Naval Clash Raises the Stakes for Trump’s Meeting With Putin

Naval Clash Raises the Stakes for Trump’s Meeting With Putin

Mr. Bolton has become the most critical driver of Russia policy, while the Defense and State Departments take a back seat, analysts said. Known as a Russia hawk in the past, Mr. Bolton lately has channeled the president. Asked about the Ukraine clash this week, Mr. Bolton offered no criticism, deferring to Nikki R. Haley, the departing ambassador to the United Nations, who previously condemned Russia’s “outlaw actions.”

Sarah Huckabee Sanders, the White House press secretary, would not say on Wednesday whether the meeting with Mr. Putin would be scrapped.

“The president is receiving regular briefings on the Russia-Ukraine situation from his national security team, including briefings Monday, Tuesday afternoon and again today,” she said in a statement. “We will keep you posted when there is additional public information or any policy announcements on this matter.”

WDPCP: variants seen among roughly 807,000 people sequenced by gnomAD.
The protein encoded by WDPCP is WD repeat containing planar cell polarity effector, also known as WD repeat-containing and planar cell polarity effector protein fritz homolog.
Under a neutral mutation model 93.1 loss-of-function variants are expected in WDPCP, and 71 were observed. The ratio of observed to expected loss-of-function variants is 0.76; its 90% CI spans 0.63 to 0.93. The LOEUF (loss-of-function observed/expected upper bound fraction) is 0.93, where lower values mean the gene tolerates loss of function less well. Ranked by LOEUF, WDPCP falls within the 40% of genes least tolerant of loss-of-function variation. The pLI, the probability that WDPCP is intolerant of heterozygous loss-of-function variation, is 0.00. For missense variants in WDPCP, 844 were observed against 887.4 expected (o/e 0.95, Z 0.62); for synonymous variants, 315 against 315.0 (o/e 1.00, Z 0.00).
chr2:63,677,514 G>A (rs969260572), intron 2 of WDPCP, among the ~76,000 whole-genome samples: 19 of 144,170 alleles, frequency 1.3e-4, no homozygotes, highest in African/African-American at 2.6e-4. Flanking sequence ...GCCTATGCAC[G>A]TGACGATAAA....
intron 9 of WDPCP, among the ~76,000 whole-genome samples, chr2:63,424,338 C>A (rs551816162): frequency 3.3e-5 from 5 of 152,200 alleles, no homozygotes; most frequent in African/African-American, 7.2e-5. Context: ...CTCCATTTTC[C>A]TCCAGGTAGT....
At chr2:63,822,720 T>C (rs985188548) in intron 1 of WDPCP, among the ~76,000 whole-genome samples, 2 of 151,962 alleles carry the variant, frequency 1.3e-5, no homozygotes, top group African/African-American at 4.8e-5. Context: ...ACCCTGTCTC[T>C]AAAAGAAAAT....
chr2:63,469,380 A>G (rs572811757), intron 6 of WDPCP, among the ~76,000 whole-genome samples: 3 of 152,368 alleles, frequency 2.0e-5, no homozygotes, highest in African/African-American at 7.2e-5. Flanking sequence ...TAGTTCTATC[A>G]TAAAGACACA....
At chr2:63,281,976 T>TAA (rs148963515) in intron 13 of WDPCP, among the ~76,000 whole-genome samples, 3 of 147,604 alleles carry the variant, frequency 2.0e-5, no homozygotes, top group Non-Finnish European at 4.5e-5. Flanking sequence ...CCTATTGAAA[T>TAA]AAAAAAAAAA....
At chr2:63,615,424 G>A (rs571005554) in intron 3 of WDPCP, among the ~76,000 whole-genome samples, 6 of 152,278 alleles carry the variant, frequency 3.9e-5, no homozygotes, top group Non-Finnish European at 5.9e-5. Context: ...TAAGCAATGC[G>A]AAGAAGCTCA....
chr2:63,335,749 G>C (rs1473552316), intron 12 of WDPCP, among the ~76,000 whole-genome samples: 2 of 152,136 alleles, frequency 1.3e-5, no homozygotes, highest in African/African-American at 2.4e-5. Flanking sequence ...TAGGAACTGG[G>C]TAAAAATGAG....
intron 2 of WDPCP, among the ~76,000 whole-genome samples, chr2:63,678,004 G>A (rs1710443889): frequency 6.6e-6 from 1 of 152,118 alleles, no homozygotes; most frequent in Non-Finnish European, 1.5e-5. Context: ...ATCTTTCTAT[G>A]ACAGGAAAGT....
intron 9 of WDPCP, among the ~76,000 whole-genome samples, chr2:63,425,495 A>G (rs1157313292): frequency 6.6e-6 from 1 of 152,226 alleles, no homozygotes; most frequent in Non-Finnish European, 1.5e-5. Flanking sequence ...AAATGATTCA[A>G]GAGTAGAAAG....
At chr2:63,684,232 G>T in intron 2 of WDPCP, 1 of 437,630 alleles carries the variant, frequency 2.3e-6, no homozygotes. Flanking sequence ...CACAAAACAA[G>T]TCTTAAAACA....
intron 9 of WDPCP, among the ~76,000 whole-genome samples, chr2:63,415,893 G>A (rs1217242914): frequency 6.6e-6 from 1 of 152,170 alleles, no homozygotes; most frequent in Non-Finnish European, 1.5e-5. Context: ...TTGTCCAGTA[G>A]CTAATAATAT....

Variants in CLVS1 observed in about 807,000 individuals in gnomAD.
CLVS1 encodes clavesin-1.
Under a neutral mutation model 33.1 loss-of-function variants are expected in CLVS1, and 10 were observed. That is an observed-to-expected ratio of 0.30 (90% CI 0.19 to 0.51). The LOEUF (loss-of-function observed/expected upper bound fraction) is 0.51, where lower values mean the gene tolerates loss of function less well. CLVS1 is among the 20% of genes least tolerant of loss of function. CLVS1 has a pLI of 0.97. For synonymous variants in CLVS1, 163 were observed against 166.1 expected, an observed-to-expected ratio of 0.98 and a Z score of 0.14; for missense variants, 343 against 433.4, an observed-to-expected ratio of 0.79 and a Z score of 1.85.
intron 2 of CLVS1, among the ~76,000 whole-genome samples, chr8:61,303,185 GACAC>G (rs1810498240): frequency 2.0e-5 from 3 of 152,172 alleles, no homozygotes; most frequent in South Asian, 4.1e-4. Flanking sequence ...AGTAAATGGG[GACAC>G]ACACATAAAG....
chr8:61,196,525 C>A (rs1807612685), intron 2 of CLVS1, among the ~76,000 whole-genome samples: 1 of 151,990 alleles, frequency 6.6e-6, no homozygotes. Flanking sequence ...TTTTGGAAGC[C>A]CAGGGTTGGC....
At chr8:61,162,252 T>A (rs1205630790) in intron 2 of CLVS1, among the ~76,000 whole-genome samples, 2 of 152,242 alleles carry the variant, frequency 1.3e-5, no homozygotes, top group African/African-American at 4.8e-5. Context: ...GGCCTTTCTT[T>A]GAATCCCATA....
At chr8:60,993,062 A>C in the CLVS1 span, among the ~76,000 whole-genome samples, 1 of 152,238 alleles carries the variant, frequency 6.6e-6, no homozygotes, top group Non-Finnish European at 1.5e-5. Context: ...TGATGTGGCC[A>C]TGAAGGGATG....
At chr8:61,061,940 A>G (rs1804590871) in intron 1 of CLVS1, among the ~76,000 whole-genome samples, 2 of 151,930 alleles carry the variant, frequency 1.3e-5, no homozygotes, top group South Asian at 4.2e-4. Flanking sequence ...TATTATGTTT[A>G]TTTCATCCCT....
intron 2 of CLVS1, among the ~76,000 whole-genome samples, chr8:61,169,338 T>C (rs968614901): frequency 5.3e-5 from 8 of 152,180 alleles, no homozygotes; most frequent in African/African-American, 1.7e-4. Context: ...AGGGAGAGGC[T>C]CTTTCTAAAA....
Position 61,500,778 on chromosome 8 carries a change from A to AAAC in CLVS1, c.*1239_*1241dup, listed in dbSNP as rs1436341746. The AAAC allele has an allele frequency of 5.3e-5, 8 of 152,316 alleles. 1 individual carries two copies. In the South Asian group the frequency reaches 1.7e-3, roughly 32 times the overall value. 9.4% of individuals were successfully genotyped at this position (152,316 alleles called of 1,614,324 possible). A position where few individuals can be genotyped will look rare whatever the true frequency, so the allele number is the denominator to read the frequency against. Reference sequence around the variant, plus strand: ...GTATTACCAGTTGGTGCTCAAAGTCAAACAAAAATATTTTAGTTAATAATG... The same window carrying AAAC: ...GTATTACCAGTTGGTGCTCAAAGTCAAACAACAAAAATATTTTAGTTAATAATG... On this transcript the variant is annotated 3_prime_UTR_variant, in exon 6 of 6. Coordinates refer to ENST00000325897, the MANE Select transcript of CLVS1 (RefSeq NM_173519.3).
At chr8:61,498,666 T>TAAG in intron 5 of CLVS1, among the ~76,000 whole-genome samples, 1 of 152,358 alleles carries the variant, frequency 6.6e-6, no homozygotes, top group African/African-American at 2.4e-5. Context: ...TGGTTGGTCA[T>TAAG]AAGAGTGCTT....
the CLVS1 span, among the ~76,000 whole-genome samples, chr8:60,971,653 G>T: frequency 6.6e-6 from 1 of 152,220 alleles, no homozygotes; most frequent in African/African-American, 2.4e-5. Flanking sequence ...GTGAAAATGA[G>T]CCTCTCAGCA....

But lawmakers have raised the temperature on the president, arguing that his approach has sent a signal that Mr. Putin can get away with whatever he wants. Without a more meaningful deterrence, they warned, Russia may effectively claim control of the Sea of Azov just as it annexed Crimea in 2014. A bipartisan group of senators introduced a resolution calling on Mr. Trump “to forcefully express opposition” to Russia’s aggression.

“Instead of giving Putin a free pass, President Trump should announce new sanctions against Russia, call for the immediate return of Ukrainian vessels and crewmen, and call off any planned meetings with Vladimir Putin at the upcoming G-20 summit,” said Senator Jack Reed, Democrat of Rhode Island.

Others said a meeting could still be useful, noting that presidents have met with leaders of hostile countries during times of tension if only to use the conversations to press for actions to defuse the tension. The question remains what Mr. Trump wants.

“You can make the argument that you should keep the dialogue going,” said Ms. Stent, who is now director of the Center for Eurasian, Russian and East European Studies at Georgetown University. “But we’re not seeing anything they would call deliverables from these meetings.”

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